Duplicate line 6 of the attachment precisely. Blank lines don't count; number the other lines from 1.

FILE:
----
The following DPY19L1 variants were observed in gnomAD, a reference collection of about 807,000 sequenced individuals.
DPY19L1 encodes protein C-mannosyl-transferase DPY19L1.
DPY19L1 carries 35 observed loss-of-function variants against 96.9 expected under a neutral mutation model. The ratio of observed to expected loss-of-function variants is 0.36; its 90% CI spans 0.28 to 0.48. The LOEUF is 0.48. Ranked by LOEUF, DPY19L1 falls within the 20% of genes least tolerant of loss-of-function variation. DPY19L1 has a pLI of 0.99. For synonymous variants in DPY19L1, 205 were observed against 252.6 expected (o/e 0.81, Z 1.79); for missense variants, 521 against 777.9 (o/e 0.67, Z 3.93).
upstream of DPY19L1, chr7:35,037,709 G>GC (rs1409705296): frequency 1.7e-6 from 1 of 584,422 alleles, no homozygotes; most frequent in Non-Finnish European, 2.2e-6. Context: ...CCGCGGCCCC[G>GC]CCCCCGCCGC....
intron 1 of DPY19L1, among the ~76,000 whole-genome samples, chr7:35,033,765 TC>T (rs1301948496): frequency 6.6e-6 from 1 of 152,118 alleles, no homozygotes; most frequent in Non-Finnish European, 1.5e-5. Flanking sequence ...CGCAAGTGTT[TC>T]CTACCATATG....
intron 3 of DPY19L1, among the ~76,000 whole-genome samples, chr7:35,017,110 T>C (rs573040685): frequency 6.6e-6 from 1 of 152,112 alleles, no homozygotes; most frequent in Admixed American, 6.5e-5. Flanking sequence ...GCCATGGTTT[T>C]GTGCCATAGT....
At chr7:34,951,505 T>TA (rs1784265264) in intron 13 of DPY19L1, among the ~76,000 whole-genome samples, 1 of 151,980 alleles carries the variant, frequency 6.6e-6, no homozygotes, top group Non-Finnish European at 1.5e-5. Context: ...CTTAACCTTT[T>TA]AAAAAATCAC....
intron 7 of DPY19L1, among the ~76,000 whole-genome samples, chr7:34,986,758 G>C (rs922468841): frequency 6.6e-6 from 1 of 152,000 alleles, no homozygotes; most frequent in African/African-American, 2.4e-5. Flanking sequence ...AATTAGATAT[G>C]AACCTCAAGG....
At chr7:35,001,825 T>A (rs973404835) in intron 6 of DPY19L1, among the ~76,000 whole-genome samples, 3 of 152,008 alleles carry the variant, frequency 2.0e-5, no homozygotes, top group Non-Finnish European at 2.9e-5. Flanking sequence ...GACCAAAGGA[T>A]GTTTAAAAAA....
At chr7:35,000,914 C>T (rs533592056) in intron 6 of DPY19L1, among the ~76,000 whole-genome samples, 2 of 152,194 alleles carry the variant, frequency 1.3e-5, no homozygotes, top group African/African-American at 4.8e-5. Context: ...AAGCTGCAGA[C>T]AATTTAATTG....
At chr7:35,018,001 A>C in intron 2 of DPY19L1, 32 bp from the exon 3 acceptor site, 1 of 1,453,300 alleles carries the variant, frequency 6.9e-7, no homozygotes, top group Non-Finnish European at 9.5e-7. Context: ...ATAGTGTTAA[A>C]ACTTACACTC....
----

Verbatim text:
intron 3 of DPY19L1, among the ~76,000 whole-genome samples, chr7:35,017,110 T>C (rs573040685): frequency 6.6e-6 from 1 of 152,112 alleles, no homozygotes; most frequent in Admixed American, 6.5e-5. Flanking sequence ...GCCATGGTTT[T>C]GTGCCATAGT....